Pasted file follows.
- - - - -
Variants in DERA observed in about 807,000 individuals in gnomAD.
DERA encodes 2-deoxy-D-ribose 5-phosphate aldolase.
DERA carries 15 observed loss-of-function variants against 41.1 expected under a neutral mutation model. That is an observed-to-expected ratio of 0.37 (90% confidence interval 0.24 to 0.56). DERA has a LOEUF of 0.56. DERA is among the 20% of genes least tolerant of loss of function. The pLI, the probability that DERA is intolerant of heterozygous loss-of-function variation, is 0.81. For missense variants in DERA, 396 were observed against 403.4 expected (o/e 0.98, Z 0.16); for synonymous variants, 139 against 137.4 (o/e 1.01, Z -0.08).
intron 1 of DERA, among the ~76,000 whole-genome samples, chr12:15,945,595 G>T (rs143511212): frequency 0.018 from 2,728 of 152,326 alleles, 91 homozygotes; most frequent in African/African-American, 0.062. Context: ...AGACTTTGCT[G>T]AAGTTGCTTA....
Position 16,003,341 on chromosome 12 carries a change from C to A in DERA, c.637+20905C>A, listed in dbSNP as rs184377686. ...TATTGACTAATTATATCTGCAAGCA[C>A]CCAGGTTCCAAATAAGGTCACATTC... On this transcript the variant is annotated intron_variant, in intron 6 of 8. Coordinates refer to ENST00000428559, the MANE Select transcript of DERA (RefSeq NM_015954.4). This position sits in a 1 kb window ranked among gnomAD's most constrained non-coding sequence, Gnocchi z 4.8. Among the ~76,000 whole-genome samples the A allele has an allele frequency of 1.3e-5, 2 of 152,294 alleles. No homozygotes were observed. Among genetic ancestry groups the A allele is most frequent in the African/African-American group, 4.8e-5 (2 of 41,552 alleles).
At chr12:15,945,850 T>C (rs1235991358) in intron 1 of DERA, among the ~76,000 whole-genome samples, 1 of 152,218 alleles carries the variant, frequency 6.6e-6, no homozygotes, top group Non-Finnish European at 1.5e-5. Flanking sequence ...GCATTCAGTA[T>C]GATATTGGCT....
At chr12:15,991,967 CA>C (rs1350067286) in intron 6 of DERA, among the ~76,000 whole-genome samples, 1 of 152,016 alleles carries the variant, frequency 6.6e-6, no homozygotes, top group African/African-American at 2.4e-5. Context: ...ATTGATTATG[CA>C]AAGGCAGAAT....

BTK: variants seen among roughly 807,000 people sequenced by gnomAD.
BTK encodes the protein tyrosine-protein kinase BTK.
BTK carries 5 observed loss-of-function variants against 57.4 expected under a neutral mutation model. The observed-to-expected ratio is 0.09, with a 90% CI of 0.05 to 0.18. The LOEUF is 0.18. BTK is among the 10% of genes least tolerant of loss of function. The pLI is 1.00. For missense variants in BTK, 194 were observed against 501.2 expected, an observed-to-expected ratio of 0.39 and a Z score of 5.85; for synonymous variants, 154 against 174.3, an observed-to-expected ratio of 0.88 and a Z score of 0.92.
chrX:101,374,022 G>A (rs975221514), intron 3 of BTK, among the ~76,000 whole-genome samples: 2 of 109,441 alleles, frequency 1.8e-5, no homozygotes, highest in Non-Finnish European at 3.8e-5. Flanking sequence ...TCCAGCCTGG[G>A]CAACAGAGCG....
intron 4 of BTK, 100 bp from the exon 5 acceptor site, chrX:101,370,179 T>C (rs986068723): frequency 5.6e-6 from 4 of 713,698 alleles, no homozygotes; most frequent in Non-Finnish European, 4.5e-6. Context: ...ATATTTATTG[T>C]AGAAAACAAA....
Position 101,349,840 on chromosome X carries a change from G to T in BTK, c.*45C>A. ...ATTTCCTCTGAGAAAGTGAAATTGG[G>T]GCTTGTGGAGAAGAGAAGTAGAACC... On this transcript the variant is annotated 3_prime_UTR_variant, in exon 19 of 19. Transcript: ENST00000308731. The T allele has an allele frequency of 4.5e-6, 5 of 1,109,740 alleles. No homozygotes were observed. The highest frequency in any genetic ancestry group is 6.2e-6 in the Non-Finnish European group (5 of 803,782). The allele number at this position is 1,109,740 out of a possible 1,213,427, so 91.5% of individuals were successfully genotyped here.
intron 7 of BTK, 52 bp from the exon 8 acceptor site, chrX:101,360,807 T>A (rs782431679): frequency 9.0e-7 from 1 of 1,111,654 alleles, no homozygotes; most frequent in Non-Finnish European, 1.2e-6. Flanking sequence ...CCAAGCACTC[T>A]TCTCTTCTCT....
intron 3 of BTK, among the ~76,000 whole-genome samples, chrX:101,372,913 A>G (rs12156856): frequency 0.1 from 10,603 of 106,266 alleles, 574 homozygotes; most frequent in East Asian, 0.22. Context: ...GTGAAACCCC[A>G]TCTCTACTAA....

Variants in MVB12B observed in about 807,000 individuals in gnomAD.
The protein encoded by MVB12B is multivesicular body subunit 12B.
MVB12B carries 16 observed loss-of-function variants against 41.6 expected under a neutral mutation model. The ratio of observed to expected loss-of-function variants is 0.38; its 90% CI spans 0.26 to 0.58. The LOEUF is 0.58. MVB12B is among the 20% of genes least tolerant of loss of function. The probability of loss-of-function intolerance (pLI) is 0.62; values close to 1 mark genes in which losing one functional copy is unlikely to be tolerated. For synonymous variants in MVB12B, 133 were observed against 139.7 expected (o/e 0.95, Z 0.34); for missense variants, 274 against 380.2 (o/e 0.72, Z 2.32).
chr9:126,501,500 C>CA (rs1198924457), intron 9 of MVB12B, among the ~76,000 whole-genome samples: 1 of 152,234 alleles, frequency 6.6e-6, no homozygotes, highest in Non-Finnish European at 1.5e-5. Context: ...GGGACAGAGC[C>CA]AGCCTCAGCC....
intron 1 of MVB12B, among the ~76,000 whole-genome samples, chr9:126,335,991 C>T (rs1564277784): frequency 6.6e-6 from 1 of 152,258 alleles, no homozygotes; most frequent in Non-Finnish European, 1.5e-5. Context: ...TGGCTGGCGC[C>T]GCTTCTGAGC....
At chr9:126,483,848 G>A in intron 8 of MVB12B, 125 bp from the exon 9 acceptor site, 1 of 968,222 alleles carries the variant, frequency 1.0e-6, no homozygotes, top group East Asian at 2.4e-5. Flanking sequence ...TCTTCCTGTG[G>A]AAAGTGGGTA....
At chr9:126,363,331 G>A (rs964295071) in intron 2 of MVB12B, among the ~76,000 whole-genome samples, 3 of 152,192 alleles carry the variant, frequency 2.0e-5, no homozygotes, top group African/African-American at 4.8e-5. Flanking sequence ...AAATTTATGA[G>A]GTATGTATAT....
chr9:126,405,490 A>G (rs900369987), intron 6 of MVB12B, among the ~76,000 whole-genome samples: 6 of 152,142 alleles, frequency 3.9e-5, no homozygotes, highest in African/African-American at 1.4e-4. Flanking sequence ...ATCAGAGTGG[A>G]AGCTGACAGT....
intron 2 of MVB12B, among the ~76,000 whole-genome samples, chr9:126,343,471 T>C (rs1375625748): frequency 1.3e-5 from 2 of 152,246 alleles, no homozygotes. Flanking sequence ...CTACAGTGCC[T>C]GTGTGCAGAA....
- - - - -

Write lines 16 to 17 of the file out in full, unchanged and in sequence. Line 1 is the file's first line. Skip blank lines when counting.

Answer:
Variants in MVB12B observed in about 807,000 individuals in gnomAD.
The protein encoded by MVB12B is multivesicular body subunit 12B.